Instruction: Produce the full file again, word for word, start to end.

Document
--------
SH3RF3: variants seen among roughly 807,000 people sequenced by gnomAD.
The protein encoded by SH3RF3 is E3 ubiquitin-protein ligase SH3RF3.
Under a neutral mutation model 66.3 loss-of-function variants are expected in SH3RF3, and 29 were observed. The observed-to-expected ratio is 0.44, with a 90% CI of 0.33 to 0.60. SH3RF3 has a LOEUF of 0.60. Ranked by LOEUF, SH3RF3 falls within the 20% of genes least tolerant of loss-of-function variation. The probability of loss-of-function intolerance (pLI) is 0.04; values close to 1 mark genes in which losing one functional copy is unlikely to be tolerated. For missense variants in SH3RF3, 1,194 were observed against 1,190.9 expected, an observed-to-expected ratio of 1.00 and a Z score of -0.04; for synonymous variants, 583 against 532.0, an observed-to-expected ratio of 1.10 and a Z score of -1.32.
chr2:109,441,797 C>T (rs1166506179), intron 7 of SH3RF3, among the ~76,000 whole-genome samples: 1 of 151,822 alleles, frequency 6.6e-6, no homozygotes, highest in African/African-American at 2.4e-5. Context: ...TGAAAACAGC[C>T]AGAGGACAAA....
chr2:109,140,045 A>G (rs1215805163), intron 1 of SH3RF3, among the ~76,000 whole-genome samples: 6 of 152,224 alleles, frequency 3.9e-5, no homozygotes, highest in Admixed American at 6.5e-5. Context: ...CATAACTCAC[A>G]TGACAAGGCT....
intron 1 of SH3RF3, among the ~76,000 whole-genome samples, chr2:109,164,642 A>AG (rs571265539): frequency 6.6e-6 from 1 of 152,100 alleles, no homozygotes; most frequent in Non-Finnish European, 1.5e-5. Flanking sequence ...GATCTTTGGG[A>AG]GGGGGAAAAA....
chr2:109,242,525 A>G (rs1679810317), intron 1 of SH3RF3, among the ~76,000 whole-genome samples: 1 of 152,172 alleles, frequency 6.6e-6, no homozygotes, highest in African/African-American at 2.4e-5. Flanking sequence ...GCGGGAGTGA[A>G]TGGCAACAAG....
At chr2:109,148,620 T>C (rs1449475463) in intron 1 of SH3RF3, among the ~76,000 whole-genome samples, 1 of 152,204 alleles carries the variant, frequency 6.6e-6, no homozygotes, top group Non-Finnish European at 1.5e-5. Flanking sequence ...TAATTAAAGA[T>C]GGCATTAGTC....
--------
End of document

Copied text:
SH3RF3: variants seen among roughly 807,000 people sequenced by gnomAD.
The protein encoded by SH3RF3 is E3 ubiquitin-protein ligase SH3RF3.
Under a neutral mutation model 66.3 loss-of-function variants are expected in SH3RF3, and 29 were observed. The observed-to-expected ratio is 0.44, with a 90% CI of 0.33 to 0.60. SH3RF3 has a LOEUF of 0.60. Ranked by LOEUF, SH3RF3 falls within the 20% of genes least tolerant of loss-of-function variation. The probability of loss-of-function intolerance (pLI) is 0.04; values close to 1 mark genes in which losing one functional copy is unlikely to be tolerated. For missense variants in SH3RF3, 1,194 were observed against 1,190.9 expected, an observed-to-expected ratio of 1.00 and a Z score of -0.04; for synonymous variants, 583 against 532.0, an observed-to-expected ratio of 1.10 and a Z score of -1.32.
chr2:109,441,797 C>T (rs1166506179), intron 7 of SH3RF3, among the ~76,000 whole-genome samples: 1 of 151,822 alleles, frequency 6.6e-6, no homozygotes, highest in African/African-American at 2.4e-5. Context: ...TGAAAACAGC[C>T]AGAGGACAAA....
chr2:109,140,045 A>G (rs1215805163), intron 1 of SH3RF3, among the ~76,000 whole-genome samples: 6 of 152,224 alleles, frequency 3.9e-5, no homozygotes, highest in Admixed American at 6.5e-5. Context: ...CATAACTCAC[A>G]TGACAAGGCT....
intron 1 of SH3RF3, among the ~76,000 whole-genome samples, chr2:109,164,642 A>AG (rs571265539): frequency 6.6e-6 from 1 of 152,100 alleles, no homozygotes; most frequent in Non-Finnish European, 1.5e-5. Flanking sequence ...GATCTTTGGG[A>AG]GGGGGAAAAA....
chr2:109,242,525 A>G (rs1679810317), intron 1 of SH3RF3, among the ~76,000 whole-genome samples: 1 of 152,172 alleles, frequency 6.6e-6, no homozygotes, highest in African/African-American at 2.4e-5. Flanking sequence ...GCGGGAGTGA[A>G]TGGCAACAAG....
At chr2:109,148,620 T>C (rs1449475463) in intron 1 of SH3RF3, among the ~76,000 whole-genome samples, 1 of 152,204 alleles carries the variant, frequency 6.6e-6, no homozygotes, top group Non-Finnish European at 1.5e-5. Flanking sequence ...TAATTAAAGA[T>C]GGCATTAGTC....